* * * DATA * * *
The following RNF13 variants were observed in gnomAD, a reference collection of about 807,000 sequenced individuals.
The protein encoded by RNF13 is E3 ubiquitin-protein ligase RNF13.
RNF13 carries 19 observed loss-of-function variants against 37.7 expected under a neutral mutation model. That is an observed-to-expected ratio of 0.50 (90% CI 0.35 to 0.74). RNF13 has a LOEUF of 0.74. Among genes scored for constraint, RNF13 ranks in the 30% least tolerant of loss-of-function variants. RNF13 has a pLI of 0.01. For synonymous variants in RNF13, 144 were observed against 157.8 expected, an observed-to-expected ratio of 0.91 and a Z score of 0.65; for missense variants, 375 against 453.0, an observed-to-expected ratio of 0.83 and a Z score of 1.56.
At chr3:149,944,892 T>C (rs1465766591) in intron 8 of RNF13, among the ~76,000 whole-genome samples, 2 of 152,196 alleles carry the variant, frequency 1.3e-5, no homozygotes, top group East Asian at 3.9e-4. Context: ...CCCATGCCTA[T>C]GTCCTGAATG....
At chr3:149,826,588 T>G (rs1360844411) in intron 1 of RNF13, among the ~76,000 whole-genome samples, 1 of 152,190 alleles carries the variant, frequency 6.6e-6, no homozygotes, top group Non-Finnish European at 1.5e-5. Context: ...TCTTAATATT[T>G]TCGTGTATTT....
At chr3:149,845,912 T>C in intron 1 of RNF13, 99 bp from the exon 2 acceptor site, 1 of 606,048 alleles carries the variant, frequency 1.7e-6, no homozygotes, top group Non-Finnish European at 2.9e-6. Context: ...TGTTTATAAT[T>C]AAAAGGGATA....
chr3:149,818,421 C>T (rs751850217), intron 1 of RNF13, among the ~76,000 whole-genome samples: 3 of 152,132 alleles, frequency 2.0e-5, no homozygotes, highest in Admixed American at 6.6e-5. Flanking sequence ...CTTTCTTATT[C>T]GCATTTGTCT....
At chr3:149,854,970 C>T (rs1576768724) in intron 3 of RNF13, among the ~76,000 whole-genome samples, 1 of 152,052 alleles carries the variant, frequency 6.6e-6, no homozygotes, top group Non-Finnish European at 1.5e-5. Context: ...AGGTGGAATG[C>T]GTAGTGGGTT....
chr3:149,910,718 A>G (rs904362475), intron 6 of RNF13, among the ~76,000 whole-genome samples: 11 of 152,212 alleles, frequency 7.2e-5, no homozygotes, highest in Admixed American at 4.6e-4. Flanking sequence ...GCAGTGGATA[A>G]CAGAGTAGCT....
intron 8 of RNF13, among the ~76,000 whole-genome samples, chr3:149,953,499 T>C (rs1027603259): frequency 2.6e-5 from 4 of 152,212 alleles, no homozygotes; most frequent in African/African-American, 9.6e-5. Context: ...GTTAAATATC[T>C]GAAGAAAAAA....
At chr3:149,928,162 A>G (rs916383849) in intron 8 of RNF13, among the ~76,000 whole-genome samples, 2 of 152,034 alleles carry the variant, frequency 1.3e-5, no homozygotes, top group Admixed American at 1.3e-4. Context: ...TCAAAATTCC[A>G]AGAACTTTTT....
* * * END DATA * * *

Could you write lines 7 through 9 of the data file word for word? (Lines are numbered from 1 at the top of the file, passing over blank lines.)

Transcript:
chr3:149,818,421 C>T (rs751850217), intron 1 of RNF13, among the ~76,000 whole-genome samples: 3 of 152,132 alleles, frequency 2.0e-5, no homozygotes, highest in Admixed American at 6.6e-5. Flanking sequence ...CTTTCTTATT[C>T]GCATTTGTCT....
At chr3:149,854,970 C>T (rs1576768724) in intron 3 of RNF13, among the ~76,000 whole-genome samples, 1 of 152,052 alleles carries the variant, frequency 6.6e-6, no homozygotes, top group Non-Finnish European at 1.5e-5. Context: ...AGGTGGAATG[C>T]GTAGTGGGTT....
chr3:149,910,718 A>G (rs904362475), intron 6 of RNF13, among the ~76,000 whole-genome samples: 11 of 152,212 alleles, frequency 7.2e-5, no homozygotes, highest in Admixed American at 4.6e-4. Flanking sequence ...GCAGTGGATA[A>G]CAGAGTAGCT....